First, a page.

ProjectManager Helps With Cost of Quality (COQ)
Once you’ve made these calculations, you’re in a better position to plan your project with the necessary resources. But you still need a quality assurance plan to make sure you’re meeting those quality expectations. Project management software helps you plan and meet your quality standards. ProjectManager is online project management software that gives you the tools you need to plan, manage and track project quality in real time.
Monitor Quality in Real Time
In order to meet quality expectations, you need to monitor your processes and track metrics in order to catch issues and address them quickly before they negatively impact the project. Our real-time dashboard automatically collects live project data and displays this data in easy-to-read charts and graphs that show everything from time to cost, the workload to project variance. Unlike lightweight tools, there’s no time-consuming configuration necessary. It’s ready when you are.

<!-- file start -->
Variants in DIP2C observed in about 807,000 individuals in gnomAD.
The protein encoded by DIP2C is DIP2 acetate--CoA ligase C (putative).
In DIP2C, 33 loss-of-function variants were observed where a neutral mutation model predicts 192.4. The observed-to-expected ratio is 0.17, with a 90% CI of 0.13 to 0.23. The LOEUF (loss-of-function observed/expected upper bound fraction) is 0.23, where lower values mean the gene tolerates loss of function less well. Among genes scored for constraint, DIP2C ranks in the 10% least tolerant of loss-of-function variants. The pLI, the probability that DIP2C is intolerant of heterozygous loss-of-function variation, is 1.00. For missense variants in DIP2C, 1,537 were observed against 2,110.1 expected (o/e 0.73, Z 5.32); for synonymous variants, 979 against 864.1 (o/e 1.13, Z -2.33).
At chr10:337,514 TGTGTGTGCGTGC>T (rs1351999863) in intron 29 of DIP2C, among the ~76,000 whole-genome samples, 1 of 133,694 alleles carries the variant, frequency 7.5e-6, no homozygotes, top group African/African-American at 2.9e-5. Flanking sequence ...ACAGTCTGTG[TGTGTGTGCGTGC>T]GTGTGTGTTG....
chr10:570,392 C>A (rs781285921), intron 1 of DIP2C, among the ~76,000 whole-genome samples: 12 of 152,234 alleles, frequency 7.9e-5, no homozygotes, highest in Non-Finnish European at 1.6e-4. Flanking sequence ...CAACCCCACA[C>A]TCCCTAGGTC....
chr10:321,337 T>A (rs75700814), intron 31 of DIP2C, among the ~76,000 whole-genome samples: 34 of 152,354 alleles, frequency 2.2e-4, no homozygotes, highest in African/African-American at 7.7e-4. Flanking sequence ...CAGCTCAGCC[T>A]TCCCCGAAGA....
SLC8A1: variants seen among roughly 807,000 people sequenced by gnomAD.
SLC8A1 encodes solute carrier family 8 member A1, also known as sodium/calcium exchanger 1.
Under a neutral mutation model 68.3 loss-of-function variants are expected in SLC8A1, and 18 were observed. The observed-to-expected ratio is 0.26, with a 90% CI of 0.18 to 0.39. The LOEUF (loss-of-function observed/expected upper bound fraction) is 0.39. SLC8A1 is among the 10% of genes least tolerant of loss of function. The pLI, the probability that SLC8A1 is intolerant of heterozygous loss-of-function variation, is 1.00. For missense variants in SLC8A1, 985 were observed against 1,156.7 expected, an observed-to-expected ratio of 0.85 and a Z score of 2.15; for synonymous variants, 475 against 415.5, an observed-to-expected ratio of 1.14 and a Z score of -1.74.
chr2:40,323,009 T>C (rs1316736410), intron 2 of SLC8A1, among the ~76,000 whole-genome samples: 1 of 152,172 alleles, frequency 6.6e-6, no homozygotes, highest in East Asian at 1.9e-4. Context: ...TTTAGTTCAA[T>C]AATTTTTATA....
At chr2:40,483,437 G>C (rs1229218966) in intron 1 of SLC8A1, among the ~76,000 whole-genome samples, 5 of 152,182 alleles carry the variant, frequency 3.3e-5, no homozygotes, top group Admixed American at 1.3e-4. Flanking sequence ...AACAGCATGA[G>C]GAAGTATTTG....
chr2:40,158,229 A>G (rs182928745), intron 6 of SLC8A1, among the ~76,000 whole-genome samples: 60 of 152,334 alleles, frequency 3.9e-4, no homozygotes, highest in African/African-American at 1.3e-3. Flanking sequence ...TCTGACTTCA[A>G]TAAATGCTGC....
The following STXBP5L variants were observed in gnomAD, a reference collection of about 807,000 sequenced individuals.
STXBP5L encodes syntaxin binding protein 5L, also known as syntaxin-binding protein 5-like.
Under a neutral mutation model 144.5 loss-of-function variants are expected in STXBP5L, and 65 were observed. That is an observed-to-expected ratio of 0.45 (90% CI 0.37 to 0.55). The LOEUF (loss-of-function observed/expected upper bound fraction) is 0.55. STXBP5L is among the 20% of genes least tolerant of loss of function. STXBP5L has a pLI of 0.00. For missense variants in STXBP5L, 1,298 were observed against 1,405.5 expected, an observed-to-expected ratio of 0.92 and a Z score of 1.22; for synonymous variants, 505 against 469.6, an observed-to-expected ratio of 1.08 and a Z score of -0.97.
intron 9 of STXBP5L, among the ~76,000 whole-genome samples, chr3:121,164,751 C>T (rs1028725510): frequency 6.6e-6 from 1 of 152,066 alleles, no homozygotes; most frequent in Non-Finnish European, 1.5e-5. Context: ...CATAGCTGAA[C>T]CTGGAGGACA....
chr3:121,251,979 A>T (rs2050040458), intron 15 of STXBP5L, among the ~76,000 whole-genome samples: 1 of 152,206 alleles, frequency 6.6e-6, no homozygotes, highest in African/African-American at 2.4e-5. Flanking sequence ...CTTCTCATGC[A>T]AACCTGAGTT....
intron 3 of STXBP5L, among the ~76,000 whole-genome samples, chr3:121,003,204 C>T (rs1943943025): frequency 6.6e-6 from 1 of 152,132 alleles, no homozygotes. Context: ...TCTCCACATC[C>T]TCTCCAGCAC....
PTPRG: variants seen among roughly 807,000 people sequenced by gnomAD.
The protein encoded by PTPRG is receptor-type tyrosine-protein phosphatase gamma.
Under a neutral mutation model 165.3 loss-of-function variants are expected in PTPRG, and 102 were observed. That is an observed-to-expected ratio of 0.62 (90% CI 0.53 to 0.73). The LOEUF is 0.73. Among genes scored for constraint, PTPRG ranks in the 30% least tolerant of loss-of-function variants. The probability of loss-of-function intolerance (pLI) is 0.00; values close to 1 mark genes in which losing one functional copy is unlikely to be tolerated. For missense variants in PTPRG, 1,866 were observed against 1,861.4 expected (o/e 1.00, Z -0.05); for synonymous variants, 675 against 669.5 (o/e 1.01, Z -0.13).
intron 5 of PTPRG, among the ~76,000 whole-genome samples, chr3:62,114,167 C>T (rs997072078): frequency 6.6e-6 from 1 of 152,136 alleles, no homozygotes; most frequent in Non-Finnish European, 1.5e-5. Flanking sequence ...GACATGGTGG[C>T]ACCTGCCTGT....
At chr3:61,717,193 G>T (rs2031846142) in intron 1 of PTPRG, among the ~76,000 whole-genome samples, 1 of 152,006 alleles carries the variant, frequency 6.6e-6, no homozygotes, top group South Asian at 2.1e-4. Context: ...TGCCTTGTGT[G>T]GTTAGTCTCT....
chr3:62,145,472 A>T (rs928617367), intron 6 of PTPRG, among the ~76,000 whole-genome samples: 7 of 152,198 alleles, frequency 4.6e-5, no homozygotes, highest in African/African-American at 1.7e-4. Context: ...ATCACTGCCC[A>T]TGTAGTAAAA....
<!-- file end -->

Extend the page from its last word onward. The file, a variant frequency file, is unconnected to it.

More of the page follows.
If you do notice a problem, you can identify and mitigate it with our kanban boards. Quality issues can be captured on kanban cards, which include descriptions, priority and tags. The team can even comment and attach files to the cards. The visual workflow of the kanban board allows managers transparency as the card moves through columns. Teams can manage their backlog and collaborate on sprints.
Another aspect of quality assurance is stakeholders. They have a vested interest in the project and want to know how things are going. You can keep them updated with our customized reports. Whether it’s a status report, portfolio report or a report on cost or time, you can show them relevant data through reports in multiple formats. Keeping stakeholders happy is a type of quality you can never get enough of.
ProjectManager is award-winning software that empowers teams to work more efficiently. Besides being able to maintain the quality of your deliverables, our task management, risk management and resource management tools keep you productive without overspending or missing deadlines. Join teams at Avis, Nestle and Siemens who use our software. Get started with ProjectManager today for free.